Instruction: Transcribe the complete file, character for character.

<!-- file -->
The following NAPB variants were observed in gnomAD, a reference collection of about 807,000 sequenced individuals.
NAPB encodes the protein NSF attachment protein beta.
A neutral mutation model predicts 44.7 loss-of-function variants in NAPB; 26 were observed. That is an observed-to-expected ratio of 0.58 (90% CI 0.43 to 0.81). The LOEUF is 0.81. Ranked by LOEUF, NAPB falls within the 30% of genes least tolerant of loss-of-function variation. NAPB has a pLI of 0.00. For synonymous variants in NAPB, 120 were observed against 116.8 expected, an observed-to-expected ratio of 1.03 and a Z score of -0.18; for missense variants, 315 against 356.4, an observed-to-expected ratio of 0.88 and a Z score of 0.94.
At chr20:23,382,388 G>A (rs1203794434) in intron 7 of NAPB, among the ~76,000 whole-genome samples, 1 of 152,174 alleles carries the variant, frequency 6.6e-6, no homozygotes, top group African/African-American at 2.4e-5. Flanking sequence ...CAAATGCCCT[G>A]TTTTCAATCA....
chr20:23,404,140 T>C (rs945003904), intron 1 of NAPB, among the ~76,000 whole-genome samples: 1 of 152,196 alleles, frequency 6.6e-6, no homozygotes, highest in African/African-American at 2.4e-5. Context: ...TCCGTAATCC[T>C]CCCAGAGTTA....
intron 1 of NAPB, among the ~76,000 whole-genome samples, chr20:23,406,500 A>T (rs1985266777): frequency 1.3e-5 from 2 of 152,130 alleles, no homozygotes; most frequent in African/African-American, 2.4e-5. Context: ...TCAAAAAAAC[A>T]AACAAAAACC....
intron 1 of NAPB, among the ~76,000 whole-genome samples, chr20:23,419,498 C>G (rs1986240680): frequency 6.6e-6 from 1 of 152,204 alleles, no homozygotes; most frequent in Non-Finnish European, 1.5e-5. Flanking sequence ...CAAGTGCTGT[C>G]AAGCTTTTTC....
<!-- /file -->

The following NAPB variants were observed in gnomAD, a reference collection of about 807,000 sequenced individuals.
NAPB encodes the protein NSF attachment protein beta.
A neutral mutation model predicts 44.7 loss-of-function variants in NAPB; 26 were observed. That is an observed-to-expected ratio of 0.58 (90% CI 0.43 to 0.81). The LOEUF is 0.81. Ranked by LOEUF, NAPB falls within the 30% of genes least tolerant of loss-of-function variation. NAPB has a pLI of 0.00. For synonymous variants in NAPB, 120 were observed against 116.8 expected, an observed-to-expected ratio of 1.03 and a Z score of -0.18; for missense variants, 315 against 356.4, an observed-to-expected ratio of 0.88 and a Z score of 0.94.
At chr20:23,382,388 G>A (rs1203794434) in intron 7 of NAPB, among the ~76,000 whole-genome samples, 1 of 152,174 alleles carries the variant, frequency 6.6e-6, no homozygotes, top group African/African-American at 2.4e-5. Flanking sequence ...CAAATGCCCT[G>A]TTTTCAATCA....
chr20:23,404,140 T>C (rs945003904), intron 1 of NAPB, among the ~76,000 whole-genome samples: 1 of 152,196 alleles, frequency 6.6e-6, no homozygotes, highest in African/African-American at 2.4e-5. Context: ...TCCGTAATCC[T>C]CCCAGAGTTA....
intron 1 of NAPB, among the ~76,000 whole-genome samples, chr20:23,406,500 A>T (rs1985266777): frequency 1.3e-5 from 2 of 152,130 alleles, no homozygotes; most frequent in African/African-American, 2.4e-5. Context: ...TCAAAAAAAC[A>T]AACAAAAACC....
intron 1 of NAPB, among the ~76,000 whole-genome samples, chr20:23,419,498 C>G (rs1986240680): frequency 6.6e-6 from 1 of 152,204 alleles, no homozygotes; most frequent in Non-Finnish European, 1.5e-5. Flanking sequence ...CAAGTGCTGT[C>G]AAGCTTTTTC....